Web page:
NEWBERRY — The City of Newberry recently unveiled some renovations at Gallman Park, formerly known as McSwain Park until 2014.
“It really is a nice area to read a book or walk a trail,” said Newberry parks and recreation director Scott Sawyer. “It’s certainly better than it was.”
The updated park boasts new basketball courts and picnic shelter as well as renovated restrooms.
The parking area also received a facelift with a crushed-shell covering, although Sawyer said it may be paved at some point in the future.
Originally named for the adjoining street the park’s name was changed two years ago to honor the noted Newberry educator Dr. Ulysses S. Gallman.
“In honor of service to the cause of better education and better schools and for his inspiration, leadership and services to humanity, Gallman High School was named in his honor in the 1950’s and Gallman Elementary carries his name today,” said Mayor Foster Senn at the unveiling.
Gallman was born in 1885 and went on to study at South Carolina State College as well as the Hampton and Tuskegee institutes.
He attended special seminars for educators at Atlanta University, Clarke College and Dillard University.
Gallman spent 44 years over the former half of the 20th century as the county supervisor for African American schools and during his tenure the first Rosenwald Schools were constructed in Newberry County.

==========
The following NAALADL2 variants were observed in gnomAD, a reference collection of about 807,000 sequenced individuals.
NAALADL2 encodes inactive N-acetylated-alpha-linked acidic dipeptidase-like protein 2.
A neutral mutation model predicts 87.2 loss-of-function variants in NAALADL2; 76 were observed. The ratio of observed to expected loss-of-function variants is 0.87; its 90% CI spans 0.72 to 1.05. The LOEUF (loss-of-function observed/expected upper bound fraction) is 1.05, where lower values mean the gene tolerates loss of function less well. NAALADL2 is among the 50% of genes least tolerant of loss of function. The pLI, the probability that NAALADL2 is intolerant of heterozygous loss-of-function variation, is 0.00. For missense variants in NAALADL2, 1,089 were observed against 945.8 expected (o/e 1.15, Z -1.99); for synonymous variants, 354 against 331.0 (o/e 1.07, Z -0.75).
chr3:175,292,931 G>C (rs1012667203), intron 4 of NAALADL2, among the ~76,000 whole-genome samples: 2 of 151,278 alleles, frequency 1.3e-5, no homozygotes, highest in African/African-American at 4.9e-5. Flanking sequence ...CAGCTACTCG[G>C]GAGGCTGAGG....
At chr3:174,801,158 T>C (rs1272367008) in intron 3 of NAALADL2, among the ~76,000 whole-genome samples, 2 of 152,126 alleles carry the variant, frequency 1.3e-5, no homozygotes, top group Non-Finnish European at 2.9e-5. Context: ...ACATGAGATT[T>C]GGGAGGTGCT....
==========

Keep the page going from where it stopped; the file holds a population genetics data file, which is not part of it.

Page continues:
The Rosenwald Schools were financed under a matching grant fund established by Sears and Roebuck president Julius Rosenwald.
Between 1917 and 1932 over 5,000 Rosenwald Schools were constructed in the South — nearly 500 in South Carolina.
“At a time when State support for educating African American children was woefully inadequate, Rosenwald Schools played a critical role in educating South Carolina’s children,” reads information published by the State Historic Preservation Office.
Gallman also served as the area supervisor for the Jeanes Foundation, a national philanthropy dedicated to improving the education system for African-American students, in addition to serving for many years as president of the National Jeanes Teachers Association as well as on the executive committee of the Palmetto Teachers Association.
He was awarded the degree of Doctor of Pedagogy in 1955 by Morris College and died in 1971.
Reach Carson Lambert at 803-276-0625, ext. 1868, or on Twitter @TheNBOnews.